City finds it's overpaying DPW workers, clerks
Wage changes would come only as new people hired
A study of public works laborers and clerical positions has shown that the city is often paying more than 20 percent above market value - in some cases as much as 50 percent more - for employees in these job categories compared to other public- and private-sector employers.
City administrators on Tuesday recommended implementing a two-tier pay system so they could begin adjusting pay rates as they fill vacant positions. Wage reductions would only come with new hires, so existing employees wouldn't experience pay cuts, Human Resources Director Beth Aldana said.
The Employee Relations Committee unanimously supported the effort to bring city employees' pay in line with market rates. Next week the matter will go to the full Common Council for consideration.
"There's a sense of urgency on these adjustments," said Alderman Peter Donegan, committee chairman. "We have huge financial responsibilities to take care of."
Taxpayers are looking for the city to cut its compensation costs, but that he doesn't want to "exploit" the opportunity to reduce pay, especially in a weak job market, Donegan said. He respects the city's employees too much to make overly dramatic adjustments. These employees are already paying more toward health insurance and their pension plans.
The state budget repair bill has removed the ability for the city's dispatchers, clerical and public works unions to bargain about anything but across-the-board wage increases. That gives the city power to look at each individual position and make comparisons to a larger group of employers, not just a few neighboring communities, before setting wages, Aldana said.
The clerical and laborers job categories cover up to 100 city employees, and even small pay reductions could result in several million dollars of savings over new hires' careers, City Administrator James Archambo said. With a higher-than-average rate of retirements expected in coming years, the impact of pay adjustments could be seen quickly.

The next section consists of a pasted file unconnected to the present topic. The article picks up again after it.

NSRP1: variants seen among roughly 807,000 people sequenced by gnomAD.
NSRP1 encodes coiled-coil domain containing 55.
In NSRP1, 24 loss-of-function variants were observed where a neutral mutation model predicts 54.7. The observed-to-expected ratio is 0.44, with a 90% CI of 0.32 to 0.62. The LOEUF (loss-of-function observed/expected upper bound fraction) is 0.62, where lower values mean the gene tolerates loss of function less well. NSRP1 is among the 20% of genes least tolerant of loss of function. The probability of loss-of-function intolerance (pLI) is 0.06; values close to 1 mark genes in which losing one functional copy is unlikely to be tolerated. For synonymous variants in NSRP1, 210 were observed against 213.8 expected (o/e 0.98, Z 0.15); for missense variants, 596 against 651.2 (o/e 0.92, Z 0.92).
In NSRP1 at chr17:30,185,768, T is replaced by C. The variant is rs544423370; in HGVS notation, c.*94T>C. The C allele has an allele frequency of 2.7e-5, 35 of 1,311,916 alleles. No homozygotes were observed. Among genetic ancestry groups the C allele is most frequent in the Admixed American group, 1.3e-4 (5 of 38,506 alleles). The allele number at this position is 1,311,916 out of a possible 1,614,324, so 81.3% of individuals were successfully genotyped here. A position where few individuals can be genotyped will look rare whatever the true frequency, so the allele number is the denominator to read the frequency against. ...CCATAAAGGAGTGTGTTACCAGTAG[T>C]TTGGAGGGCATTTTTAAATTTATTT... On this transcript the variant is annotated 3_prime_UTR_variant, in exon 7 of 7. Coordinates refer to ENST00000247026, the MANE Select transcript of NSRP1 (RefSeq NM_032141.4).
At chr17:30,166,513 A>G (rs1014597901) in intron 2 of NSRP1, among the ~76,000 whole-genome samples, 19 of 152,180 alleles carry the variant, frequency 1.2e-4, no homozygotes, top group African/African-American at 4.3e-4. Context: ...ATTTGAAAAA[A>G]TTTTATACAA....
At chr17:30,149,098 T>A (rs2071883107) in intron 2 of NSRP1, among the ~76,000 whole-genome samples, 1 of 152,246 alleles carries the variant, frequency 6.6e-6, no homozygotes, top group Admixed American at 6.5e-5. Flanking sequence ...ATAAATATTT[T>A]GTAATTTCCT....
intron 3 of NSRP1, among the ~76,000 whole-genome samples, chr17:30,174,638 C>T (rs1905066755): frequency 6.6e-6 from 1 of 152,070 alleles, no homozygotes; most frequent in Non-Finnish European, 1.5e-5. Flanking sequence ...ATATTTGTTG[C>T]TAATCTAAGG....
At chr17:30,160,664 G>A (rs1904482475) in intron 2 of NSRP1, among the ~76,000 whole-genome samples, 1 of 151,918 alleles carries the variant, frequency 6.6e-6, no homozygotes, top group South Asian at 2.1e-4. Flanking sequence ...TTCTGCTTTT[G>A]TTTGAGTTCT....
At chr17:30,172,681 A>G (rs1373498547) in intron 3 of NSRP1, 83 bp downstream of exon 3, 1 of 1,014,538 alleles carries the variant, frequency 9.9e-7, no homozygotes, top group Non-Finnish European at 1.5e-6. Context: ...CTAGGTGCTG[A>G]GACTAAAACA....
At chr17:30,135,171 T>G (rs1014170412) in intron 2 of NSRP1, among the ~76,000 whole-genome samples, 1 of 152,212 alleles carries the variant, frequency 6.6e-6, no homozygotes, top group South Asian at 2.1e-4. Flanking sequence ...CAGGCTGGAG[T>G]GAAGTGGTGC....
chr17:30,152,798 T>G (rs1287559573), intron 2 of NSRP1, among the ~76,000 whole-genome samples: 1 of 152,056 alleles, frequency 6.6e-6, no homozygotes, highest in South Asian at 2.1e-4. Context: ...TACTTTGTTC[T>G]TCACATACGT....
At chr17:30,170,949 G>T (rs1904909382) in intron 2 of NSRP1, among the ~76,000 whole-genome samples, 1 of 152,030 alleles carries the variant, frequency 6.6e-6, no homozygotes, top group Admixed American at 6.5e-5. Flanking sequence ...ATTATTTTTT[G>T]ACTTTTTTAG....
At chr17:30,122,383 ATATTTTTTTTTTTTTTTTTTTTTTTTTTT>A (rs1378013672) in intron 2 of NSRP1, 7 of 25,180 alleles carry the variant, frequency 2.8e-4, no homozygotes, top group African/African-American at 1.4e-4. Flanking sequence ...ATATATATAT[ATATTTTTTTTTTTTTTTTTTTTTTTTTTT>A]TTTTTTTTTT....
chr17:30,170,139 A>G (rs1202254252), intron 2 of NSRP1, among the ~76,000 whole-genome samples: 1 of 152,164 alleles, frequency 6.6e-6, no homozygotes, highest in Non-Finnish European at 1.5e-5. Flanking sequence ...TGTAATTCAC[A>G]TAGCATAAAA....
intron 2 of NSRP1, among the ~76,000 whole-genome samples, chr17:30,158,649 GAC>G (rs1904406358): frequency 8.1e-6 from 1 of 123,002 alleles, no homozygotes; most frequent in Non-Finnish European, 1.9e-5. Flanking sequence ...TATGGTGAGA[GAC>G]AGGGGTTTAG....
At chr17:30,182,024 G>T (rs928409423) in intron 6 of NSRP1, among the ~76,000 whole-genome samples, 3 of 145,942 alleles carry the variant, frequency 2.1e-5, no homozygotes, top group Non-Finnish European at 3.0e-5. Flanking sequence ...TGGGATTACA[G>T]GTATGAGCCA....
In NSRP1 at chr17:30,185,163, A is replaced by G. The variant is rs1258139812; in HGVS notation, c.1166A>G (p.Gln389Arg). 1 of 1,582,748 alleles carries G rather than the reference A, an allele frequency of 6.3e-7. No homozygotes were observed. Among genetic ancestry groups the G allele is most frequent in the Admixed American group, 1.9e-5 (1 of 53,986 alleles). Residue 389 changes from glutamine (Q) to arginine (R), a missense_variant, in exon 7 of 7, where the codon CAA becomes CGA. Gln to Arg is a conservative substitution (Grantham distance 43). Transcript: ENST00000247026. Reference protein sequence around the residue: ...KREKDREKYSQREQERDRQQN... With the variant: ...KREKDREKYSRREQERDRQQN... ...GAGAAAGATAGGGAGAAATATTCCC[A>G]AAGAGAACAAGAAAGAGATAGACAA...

The city payroll costs about $26 million annually. In addition, lower pay means the city would contribute less toward pensions.
Alderwoman Cheryl Berdan said she sees bigger savings coming from the flexibility of looking at the job duties associated with each individual position.
Administrators plan to look into reconfiguring some positions so employees could be cross-trained - and the number of positions potentially reduced. In addition, some type of merit or performance pay system to reward hard work and innovation is under consideration.
Alderwoman Jill Organ wondered whether a two-tiered system could hurt an existing employee's chances for promotion. If a current employee with the same qualifications as someone new to the organization who could be paid less were up for the same position, wouldn't it come to a matter of cost, she wondered.
If the two-tier system is approved by the council, administrators will return to the committee to report on pay adjustments and their impact on the quality of candidates applying for city jobs, Archambo said.
WHAT: Wauwatosa Common Council will decide whether to implement a two-tiered pay system for new hires.
WHEN: 7:30 p.m. Tuesday
WHERE: City Hall, 7725 W. North Ave.
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